As America's most infamous woman, Sarah Palin needs little introduction. But could she become president? In a country whose voters chose a B-movie actor as their commander-in-chief, and then later an ex-drug user, it would appear that in the United States, anything is possible.
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Here, Geoffrey Dunn attempts to besmirch Palin's record as a politician, impugn her integrity and excoriate her drive: "Her ambition is as unbridled as it is morally corrupt. How far will her lies take her?"
Fine, but since when was ambition a vice? And which incumbent of the Oval Office has ever been as pure as the driven snow? The more you seek to deprecate a candidate, the more you risk engendering sympathy for her.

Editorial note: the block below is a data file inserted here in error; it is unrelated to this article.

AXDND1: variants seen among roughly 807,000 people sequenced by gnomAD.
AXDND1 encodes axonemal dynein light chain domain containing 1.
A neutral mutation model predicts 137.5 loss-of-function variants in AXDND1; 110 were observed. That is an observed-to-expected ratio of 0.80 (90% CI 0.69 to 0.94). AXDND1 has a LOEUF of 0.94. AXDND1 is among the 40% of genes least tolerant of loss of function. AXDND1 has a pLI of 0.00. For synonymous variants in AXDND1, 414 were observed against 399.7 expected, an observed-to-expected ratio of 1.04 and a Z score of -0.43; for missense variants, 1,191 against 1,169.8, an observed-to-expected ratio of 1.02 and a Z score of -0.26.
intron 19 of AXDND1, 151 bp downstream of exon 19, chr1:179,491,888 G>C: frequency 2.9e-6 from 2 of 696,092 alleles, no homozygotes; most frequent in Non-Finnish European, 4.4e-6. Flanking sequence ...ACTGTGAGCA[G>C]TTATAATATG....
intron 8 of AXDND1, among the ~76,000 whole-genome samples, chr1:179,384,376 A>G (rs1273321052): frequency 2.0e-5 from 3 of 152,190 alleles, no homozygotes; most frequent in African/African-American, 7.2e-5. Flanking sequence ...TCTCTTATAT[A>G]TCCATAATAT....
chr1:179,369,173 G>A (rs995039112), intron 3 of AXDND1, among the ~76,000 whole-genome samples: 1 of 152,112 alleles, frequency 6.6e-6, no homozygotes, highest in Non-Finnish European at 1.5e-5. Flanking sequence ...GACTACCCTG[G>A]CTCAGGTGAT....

Dunn chronicles Palin's background, her VP candidature, her record as a mayor, governor and family woman while lambasting her lack of intellectual rigour (apparently she couldn't distinguish between Great Britain and England), her gullibility (she fell for a hoax phone call by a Nicolas Sarkozy impersonator), her duplicity and her incompetence.
His style is reminiscent of a Kitty Kelley biography: punchy, bitchy and very readable.
As for Palin? To quote her former campaign manager Laura Chase: "She's scary. She's good at what she does and she's very dangerous."